Review by Michael Mackenzie
Recently featured in the Backbeat Music Documentary section of the Melbourne International Film Festival, this film of an extraordinarily talented New Orleans pianist will also be showing at Don’t Knock The Rock in Los Angeles on September 1 and at Pop Montreal on September 25.
New Orleans jazz pianist James Booker must have made a bad deal with the Devil – how else does someone with such an astonishing talent, have to pay such a price?
Watching ‘Bayou Maharajah,’ Lily Keber’s documentary on this most mercurial of musicians, is to watch the arc of a cannonball – fired from the barrel as a young classical prodigy, Booker effortlessly combined Chopin and Professor Longhair in a single bar, only to fall far short of the success he deserved due to addiction, mental illness, and a criminal lack of local (US) recognition.
It’s telling that all the live footage within this film comes from his time touring Europe, when the audiences, the industry and the venues saw James Booker for what he really was – a spellbinding musician.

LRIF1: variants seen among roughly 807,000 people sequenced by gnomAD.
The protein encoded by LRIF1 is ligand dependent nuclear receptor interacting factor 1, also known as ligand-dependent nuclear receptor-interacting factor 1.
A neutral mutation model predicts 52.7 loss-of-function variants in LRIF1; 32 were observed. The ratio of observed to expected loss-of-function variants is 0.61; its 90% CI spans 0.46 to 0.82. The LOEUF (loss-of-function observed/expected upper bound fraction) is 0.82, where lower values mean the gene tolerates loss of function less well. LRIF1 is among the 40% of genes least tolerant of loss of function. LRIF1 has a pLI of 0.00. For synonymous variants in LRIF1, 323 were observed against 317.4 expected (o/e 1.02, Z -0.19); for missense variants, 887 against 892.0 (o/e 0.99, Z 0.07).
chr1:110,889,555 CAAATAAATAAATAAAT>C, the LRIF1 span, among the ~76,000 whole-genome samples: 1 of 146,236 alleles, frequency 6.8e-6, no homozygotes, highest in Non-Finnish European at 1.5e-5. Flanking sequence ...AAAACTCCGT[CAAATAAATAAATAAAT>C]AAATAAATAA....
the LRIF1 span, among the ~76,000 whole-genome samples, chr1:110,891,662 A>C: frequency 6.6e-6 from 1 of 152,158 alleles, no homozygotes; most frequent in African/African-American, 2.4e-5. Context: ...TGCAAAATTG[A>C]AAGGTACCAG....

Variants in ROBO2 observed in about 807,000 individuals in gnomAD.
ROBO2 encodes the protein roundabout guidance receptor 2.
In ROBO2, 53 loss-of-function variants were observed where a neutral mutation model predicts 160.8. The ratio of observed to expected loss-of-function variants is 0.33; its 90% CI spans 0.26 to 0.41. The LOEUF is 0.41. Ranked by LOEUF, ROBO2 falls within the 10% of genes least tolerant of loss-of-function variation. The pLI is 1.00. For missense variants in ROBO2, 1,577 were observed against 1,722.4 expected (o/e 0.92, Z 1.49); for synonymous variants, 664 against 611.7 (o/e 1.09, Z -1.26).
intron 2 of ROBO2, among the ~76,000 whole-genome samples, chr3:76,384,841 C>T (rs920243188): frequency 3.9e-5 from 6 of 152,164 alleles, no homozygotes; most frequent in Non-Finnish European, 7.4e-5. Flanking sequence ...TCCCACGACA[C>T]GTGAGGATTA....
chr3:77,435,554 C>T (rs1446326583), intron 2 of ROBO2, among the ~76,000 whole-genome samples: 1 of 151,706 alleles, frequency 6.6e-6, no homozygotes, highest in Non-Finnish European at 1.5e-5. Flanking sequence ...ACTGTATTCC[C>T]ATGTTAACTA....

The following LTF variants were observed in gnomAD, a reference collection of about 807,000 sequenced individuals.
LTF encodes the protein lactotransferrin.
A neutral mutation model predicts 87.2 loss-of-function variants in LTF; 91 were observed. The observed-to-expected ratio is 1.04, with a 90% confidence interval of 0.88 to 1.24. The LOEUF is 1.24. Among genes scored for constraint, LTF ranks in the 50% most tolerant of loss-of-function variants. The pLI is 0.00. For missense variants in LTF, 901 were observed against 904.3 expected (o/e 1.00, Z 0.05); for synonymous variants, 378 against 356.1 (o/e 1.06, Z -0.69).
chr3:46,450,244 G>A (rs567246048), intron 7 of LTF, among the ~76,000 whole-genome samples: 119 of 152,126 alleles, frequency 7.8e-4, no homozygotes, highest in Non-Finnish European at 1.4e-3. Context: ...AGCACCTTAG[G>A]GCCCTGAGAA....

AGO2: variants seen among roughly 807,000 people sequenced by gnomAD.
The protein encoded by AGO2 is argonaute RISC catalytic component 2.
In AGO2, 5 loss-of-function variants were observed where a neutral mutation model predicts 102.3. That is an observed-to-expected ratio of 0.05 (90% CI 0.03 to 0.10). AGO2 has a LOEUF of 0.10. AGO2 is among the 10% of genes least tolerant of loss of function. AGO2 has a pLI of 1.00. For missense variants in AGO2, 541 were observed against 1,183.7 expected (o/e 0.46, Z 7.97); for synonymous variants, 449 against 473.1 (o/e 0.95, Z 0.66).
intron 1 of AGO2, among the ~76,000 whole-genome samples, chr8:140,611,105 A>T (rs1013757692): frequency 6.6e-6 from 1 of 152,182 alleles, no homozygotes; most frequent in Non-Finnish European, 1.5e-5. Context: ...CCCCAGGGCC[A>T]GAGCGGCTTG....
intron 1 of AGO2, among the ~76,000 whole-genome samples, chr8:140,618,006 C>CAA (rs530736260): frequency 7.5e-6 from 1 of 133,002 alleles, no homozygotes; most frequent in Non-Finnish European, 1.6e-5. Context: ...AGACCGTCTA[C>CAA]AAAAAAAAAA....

And through a series of telling interviews of New Orleans legends, Keber assembles a portrait of a brilliant artist in free fall – Booker himself, was his own worst enemy.
Friend and musical collaborator Dr John famously describes Booker as ‘the best black, gay, one-eyed junkie piano genius New Orleans has ever produced.’
Amidst the incredible bursts of musical energy stories abound of Booker’s erratic onstage behaviour, long rants espousing his latest conspiracy theory, being paid in drugs, vomiting on the piano – and yet threaded through all this comes the immense respect for the man’s synthesis of musical forms into something truly original.
Allan Toussaint exposes the dark and light of Booker by confirming his genius at the keyboard and also his ability to play great saxophone. Toussaint finishes the story by saying he should know – Booker stole his sax and pawned it.
Then there are the wonderful tales of how James Booker lost that eye where the doco mischievously cuts between the various accounts Booker spun around himself. It goes on and on as friends, musicians and admirers build up a head of steam. Did it really have something to do with Ringo Starr?
In ferreting out never before seen footage of Booker in conversation and performance, Keber uncovers an often lonely figure, shunned for his sexuality, behaviour and the colour of his skin.
She also fulfils the incredibly important role of rescuing decaying celluloid of New Orleans itself –scenes of 1960s neighbourhood life and night club doorways scored with Bookers deeply evocative solo piano.
This documentary doesn’t need to be seen on the big screen, but it does need to be seen. Then go and listen to the music. James Carroll Booker III died of renal failure whilst waiting for hospital treatment in 1983. He was just 43 years old.